New website, new data model, new features

FTS is changing, and development of a new website is only the start of it. A far more fundamental change is the complete redesign of the FTS database, which is used by the FTS team to track all reported funding and publish it through the site.

The FTS database was designed for the far simpler humanitarian system as it existed approximately ten years ago. At that time, FTS was called upon to track funding to a comparatively small number of appeals, all of which were published centrally and with never more than one per affected country. Funding requirements were derived in the same way for all appeals, by aggregating the requirements of projects vetted by agency headquarters, and the vast majority of funding against those requirements was directly granted by primary donors to implementing recipients.

Many things have changed in the intervening period. As the global humanitarian need has increased there are far more appeals and response plans, of more types including regional plans, and involving a far larger number of actors. Field humanitarians have developed several innovative alternative costing methodologies. The response plan drafting process has transformed from a headquarters-led to a field-driven process. And as the volume of funding has increased so the number of roles has increased too, with primary donors now often funding a UN agency, which in turn passes through funding to a major international or national NGO, which in some cases implement directly but often themselves sub-grant to local implementing partners. In addition there has been a proliferation of pooled funding mechanisms.

Tracking the current funding ecosystem requires time consuming, labour-intensive work-arounds. And more changes are coming up as a result of the Grand Bargain agreed at the World Humanitarian Summit, which saw committments adopted to improve reporting on many areas of humanitarian financing such as earmarking, localization and cash transfer programming. The FTS database must change to accomodate these developments. And fundamentally, our current data model in which every contribution is recorded as flowing from a single donor to a single recipient is simply no longer fit for purpose.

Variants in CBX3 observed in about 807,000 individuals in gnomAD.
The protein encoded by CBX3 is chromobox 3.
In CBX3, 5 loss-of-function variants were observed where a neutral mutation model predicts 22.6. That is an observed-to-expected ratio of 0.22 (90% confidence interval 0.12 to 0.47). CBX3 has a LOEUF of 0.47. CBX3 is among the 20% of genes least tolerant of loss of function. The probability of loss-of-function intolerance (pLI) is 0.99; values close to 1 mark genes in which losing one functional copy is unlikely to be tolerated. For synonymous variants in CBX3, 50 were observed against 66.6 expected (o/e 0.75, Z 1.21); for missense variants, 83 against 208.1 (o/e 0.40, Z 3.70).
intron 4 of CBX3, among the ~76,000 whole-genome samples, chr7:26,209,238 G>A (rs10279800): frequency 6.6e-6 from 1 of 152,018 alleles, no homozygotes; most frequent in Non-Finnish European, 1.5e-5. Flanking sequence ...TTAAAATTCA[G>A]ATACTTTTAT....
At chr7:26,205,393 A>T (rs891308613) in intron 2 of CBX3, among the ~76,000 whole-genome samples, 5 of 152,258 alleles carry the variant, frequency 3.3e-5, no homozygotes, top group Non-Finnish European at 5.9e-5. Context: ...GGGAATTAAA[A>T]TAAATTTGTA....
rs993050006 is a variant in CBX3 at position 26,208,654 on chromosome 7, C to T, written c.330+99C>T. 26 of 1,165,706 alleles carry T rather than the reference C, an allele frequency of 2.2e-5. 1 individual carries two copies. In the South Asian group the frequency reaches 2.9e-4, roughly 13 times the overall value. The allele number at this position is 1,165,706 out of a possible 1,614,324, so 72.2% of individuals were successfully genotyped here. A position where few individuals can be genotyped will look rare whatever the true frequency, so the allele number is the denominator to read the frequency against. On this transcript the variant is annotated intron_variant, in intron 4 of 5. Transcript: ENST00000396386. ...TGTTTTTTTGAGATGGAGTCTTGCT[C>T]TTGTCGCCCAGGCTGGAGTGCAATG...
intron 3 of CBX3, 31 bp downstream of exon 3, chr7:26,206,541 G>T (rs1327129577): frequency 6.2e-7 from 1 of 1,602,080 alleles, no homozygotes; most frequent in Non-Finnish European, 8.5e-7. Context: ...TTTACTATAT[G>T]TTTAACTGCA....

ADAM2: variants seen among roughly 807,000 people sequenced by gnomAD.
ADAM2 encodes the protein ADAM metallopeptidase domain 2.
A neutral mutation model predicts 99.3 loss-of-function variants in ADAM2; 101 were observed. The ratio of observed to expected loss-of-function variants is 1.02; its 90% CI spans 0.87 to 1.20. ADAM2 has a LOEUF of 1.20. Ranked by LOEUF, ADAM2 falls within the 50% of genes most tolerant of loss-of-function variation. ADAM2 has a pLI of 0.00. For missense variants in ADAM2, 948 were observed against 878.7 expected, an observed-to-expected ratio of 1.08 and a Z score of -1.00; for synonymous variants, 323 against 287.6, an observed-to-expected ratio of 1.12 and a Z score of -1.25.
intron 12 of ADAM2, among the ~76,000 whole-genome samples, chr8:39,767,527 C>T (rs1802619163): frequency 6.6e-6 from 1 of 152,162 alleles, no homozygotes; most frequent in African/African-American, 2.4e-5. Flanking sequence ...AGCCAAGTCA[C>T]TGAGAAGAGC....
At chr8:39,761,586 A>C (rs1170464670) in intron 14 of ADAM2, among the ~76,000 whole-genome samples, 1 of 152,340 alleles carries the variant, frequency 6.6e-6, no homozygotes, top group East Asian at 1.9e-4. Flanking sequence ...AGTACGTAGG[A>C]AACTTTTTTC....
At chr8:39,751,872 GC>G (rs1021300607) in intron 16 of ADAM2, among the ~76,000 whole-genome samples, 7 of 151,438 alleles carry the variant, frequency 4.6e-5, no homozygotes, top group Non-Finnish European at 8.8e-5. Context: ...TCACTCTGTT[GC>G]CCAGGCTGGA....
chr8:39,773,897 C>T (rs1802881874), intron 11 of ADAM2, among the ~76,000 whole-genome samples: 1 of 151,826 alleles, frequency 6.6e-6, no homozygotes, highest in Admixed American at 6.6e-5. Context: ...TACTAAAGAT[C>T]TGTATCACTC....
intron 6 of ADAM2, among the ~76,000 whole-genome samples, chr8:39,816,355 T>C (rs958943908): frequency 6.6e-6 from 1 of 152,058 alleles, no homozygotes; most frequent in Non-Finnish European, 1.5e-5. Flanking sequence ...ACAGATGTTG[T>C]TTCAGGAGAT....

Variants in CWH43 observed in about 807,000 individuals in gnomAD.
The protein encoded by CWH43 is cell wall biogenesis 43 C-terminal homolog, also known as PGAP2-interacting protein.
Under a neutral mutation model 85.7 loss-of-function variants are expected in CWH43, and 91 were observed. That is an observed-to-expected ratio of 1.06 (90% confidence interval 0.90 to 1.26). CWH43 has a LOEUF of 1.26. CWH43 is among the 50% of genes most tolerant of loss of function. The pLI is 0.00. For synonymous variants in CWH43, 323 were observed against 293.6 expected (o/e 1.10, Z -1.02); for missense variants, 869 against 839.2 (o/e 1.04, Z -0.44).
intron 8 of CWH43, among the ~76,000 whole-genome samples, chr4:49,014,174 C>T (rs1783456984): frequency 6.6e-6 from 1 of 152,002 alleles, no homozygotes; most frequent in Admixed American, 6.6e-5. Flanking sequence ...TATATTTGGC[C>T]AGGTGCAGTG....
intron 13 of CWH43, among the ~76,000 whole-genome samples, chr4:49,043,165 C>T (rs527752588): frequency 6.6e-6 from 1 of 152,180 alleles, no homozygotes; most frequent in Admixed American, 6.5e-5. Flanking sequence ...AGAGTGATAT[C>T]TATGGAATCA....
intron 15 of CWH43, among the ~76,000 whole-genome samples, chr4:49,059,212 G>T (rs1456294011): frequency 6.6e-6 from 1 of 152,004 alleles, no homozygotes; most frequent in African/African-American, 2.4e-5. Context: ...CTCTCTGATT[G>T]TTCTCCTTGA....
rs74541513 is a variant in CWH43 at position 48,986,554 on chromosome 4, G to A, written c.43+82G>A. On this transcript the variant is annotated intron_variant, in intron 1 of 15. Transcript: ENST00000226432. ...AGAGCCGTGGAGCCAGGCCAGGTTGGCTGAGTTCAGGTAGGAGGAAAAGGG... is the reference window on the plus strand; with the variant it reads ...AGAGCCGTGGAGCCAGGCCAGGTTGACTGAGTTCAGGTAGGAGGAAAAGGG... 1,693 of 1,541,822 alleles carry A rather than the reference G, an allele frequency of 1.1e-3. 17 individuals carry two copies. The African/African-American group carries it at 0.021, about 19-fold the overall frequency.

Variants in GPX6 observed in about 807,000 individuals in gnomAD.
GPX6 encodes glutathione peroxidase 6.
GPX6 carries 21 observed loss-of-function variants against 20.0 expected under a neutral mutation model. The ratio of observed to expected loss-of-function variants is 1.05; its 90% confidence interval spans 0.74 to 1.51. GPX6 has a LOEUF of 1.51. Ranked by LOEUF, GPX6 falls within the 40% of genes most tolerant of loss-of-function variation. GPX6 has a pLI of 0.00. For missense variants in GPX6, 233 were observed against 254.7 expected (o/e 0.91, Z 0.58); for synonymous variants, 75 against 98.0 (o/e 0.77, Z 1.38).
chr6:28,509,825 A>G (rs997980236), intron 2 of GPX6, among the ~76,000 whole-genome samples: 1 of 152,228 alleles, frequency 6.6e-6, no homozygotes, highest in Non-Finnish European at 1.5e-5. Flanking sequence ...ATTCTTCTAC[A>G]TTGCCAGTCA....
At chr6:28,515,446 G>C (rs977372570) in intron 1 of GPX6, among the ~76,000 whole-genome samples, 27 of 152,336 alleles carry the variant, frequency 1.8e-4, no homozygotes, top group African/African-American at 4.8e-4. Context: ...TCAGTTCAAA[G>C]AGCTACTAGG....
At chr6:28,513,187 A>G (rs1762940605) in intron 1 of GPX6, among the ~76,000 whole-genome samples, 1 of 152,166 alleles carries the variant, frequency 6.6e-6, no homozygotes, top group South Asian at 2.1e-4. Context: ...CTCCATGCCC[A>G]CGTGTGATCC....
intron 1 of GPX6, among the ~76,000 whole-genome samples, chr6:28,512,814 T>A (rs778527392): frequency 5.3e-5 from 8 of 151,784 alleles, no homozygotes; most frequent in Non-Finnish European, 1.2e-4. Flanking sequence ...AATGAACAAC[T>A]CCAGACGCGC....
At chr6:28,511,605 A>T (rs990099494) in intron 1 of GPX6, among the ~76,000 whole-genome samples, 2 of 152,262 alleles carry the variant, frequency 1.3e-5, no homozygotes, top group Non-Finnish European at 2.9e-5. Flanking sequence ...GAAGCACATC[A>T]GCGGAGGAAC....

At the time of writing, this website publishes data captured using the existing FTS database. Over the past year we have been developing and testing a replacement: more powerful, more flexible, easier to customize to changing needs and fit for the future. This new FTS database will be launched in early January 2017, at which point the old database and site will no longer be updated.

Some important things to know are:

  • The entire FTS dataset will be migrated to the new platform prior to launch, ensuring that all current and historical FTS data will continue to be accessible and updated 
  • The introduction of a new database will allow us to capture more detail from our reporting partners, in time improving the quality of the offering to our users
  • It will also allow us to develop new features in response to user feedback, some of which will be available from launch while others wil be added incrementally over the course of next year
  • This new website is mostly complete and continues to reference the old database while we finalise development of several remaining features, such as Custom Search

For a preview of how the data model is changing to better reflect the contemporary reality of humanitarian financing, you can take a look at this ten-minute video on Youtube

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